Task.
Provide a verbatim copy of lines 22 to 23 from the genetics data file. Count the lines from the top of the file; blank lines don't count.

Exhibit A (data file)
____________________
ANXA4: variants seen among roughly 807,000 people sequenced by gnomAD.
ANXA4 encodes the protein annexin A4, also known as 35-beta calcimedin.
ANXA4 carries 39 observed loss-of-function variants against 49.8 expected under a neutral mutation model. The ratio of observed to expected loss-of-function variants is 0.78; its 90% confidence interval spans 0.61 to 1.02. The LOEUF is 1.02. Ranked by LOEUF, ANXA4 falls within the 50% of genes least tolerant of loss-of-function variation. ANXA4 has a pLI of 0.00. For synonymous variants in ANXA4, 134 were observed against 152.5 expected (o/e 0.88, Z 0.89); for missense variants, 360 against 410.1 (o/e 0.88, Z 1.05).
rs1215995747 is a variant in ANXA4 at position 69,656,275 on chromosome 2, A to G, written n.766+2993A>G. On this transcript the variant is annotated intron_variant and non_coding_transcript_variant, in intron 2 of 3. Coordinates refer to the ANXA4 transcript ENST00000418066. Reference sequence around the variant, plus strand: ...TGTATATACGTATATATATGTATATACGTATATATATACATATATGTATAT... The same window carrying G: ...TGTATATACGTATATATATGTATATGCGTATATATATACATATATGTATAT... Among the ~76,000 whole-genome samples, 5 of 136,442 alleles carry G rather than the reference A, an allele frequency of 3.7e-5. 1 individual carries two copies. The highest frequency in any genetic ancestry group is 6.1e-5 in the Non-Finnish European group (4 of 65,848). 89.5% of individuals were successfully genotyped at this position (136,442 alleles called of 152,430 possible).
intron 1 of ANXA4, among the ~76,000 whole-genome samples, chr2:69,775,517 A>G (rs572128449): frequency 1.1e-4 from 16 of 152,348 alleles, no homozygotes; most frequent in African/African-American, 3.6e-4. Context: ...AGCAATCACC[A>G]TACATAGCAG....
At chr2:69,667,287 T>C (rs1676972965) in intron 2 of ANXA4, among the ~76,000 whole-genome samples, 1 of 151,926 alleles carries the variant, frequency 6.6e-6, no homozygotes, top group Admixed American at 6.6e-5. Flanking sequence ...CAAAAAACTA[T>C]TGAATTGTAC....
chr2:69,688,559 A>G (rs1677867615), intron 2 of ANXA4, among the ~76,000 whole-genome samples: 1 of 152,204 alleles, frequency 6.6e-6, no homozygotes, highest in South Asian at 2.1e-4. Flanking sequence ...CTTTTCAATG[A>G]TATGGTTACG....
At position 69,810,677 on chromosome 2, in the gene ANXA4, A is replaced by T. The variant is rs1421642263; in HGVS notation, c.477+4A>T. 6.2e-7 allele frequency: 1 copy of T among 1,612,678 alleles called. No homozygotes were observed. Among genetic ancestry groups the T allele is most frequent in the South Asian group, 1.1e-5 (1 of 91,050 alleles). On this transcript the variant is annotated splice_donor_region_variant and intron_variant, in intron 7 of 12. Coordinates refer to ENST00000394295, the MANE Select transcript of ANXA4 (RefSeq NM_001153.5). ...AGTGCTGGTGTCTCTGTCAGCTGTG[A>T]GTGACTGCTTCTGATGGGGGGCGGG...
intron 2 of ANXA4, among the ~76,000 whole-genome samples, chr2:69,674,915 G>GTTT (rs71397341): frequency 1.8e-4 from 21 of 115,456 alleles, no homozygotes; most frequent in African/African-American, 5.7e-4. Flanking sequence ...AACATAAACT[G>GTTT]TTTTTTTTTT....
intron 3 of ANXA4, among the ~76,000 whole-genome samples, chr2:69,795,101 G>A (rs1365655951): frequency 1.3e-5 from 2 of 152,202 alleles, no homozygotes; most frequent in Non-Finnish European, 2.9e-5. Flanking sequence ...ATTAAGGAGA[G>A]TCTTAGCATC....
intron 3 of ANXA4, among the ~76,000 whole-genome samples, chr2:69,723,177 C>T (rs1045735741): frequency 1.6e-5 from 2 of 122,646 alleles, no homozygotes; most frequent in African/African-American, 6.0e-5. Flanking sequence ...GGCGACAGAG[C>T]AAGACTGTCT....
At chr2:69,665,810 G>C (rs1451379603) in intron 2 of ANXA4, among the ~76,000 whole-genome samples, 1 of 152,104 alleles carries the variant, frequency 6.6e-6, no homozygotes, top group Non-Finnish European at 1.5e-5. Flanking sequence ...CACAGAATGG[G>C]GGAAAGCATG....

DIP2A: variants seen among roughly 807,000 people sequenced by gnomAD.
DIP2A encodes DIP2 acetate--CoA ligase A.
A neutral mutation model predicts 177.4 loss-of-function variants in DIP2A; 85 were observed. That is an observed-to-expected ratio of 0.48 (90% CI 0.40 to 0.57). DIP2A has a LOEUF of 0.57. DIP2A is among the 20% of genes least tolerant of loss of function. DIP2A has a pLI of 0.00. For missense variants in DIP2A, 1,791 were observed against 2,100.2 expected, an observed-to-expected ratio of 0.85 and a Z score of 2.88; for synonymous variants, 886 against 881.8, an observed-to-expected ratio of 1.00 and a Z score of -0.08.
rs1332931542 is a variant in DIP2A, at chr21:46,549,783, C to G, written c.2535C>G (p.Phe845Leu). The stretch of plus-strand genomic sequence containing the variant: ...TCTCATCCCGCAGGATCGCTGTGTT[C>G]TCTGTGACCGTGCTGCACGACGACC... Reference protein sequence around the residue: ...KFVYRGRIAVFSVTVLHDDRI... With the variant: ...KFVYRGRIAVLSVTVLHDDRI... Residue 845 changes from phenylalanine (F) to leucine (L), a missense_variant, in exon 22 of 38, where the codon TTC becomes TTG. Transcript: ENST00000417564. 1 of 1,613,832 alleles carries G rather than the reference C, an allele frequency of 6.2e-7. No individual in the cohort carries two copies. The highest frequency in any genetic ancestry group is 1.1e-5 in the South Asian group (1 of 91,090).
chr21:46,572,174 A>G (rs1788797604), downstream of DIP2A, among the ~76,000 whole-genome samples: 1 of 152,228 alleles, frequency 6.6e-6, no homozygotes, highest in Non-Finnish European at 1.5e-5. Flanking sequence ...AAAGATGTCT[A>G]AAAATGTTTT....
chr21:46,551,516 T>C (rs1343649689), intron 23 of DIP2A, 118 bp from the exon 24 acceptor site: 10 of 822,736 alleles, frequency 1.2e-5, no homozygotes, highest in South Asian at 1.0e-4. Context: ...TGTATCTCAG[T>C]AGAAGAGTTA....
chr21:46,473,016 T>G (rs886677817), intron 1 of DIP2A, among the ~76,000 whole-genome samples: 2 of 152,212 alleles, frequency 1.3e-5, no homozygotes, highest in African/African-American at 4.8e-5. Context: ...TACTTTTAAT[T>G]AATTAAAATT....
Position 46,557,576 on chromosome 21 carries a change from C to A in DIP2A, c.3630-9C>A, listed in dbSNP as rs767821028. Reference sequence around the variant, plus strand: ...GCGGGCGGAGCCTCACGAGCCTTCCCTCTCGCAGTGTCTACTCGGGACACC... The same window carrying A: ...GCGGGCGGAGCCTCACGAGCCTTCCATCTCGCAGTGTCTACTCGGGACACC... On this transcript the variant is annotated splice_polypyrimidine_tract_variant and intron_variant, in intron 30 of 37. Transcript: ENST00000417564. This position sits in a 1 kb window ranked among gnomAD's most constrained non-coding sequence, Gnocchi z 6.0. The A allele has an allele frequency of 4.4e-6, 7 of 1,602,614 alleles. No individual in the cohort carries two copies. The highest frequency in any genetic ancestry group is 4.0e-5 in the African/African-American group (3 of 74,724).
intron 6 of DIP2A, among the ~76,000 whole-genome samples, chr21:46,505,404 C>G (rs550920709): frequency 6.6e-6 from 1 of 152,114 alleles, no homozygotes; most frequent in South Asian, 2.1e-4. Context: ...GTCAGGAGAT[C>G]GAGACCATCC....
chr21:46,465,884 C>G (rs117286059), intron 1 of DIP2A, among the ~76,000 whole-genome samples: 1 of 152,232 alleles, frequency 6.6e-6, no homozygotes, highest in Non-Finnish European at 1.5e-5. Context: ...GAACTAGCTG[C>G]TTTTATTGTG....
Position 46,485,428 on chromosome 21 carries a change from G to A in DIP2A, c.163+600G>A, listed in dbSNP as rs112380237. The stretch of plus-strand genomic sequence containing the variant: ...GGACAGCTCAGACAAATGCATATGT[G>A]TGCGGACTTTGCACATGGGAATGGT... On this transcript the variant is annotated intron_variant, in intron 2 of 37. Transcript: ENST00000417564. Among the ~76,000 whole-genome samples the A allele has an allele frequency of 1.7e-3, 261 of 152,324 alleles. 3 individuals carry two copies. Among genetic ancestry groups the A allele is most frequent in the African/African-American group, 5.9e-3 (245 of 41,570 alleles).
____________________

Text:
chr21:46,465,884 C>G (rs117286059), intron 1 of DIP2A, among the ~76,000 whole-genome samples: 1 of 152,232 alleles, frequency 6.6e-6, no homozygotes, highest in Non-Finnish European at 1.5e-5. Context: ...GAACTAGCTG[C>G]TTTTATTGTG....
Position 46,485,428 on chromosome 21 carries a change from G to A in DIP2A, c.163+600G>A, listed in dbSNP as rs112380237. The stretch of plus-strand genomic sequence containing the variant: ...GGACAGCTCAGACAAATGCATATGT[G>A]TGCGGACTTTGCACATGGGAATGGT... On this transcript the variant is annotated intron_variant, in intron 2 of 37. Transcript: ENST00000417564. Among the ~76,000 whole-genome samples the A allele has an allele frequency of 1.7e-3, 261 of 152,324 alleles. 3 individuals carry two copies. Among genetic ancestry groups the A allele is most frequent in the African/African-American group, 5.9e-3 (245 of 41,570 alleles).